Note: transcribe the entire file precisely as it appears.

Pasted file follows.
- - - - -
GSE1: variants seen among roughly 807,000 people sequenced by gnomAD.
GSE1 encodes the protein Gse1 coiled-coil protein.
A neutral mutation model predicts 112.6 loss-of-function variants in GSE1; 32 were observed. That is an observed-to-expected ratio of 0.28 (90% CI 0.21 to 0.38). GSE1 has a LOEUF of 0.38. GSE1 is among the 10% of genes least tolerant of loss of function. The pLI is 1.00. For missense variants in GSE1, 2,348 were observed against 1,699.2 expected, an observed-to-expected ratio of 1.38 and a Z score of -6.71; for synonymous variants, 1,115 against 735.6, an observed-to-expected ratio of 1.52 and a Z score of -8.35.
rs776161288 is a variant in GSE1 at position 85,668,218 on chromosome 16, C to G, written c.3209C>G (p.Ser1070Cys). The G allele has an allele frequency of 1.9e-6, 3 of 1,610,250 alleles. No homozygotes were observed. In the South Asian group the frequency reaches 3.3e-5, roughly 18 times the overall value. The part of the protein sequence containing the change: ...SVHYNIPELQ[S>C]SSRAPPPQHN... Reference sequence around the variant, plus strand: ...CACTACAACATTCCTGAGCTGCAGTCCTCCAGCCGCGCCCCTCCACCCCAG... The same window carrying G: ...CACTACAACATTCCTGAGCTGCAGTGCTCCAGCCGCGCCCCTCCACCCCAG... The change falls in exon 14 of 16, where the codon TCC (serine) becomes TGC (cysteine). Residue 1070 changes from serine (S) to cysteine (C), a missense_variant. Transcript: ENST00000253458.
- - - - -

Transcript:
GSE1: variants seen among roughly 807,000 people sequenced by gnomAD.
GSE1 encodes the protein Gse1 coiled-coil protein.
A neutral mutation model predicts 112.6 loss-of-function variants in GSE1; 32 were observed. That is an observed-to-expected ratio of 0.28 (90% CI 0.21 to 0.38). GSE1 has a LOEUF of 0.38. GSE1 is among the 10% of genes least tolerant of loss of function. The pLI is 1.00. For missense variants in GSE1, 2,348 were observed against 1,699.2 expected, an observed-to-expected ratio of 1.38 and a Z score of -6.71; for synonymous variants, 1,115 against 735.6, an observed-to-expected ratio of 1.52 and a Z score of -8.35.
rs776161288 is a variant in GSE1 at position 85,668,218 on chromosome 16, C to G, written c.3209C>G (p.Ser1070Cys). The G allele has an allele frequency of 1.9e-6, 3 of 1,610,250 alleles. No homozygotes were observed. In the South Asian group the frequency reaches 3.3e-5, roughly 18 times the overall value. The part of the protein sequence containing the change: ...SVHYNIPELQ[S>C]SSRAPPPQHN... Reference sequence around the variant, plus strand: ...CACTACAACATTCCTGAGCTGCAGTCCTCCAGCCGCGCCCCTCCACCCCAG... The same window carrying G: ...CACTACAACATTCCTGAGCTGCAGTGCTCCAGCCGCGCCCCTCCACCCCAG... The change falls in exon 14 of 16, where the codon TCC (serine) becomes TGC (cysteine). Residue 1070 changes from serine (S) to cysteine (C), a missense_variant. Transcript: ENST00000253458.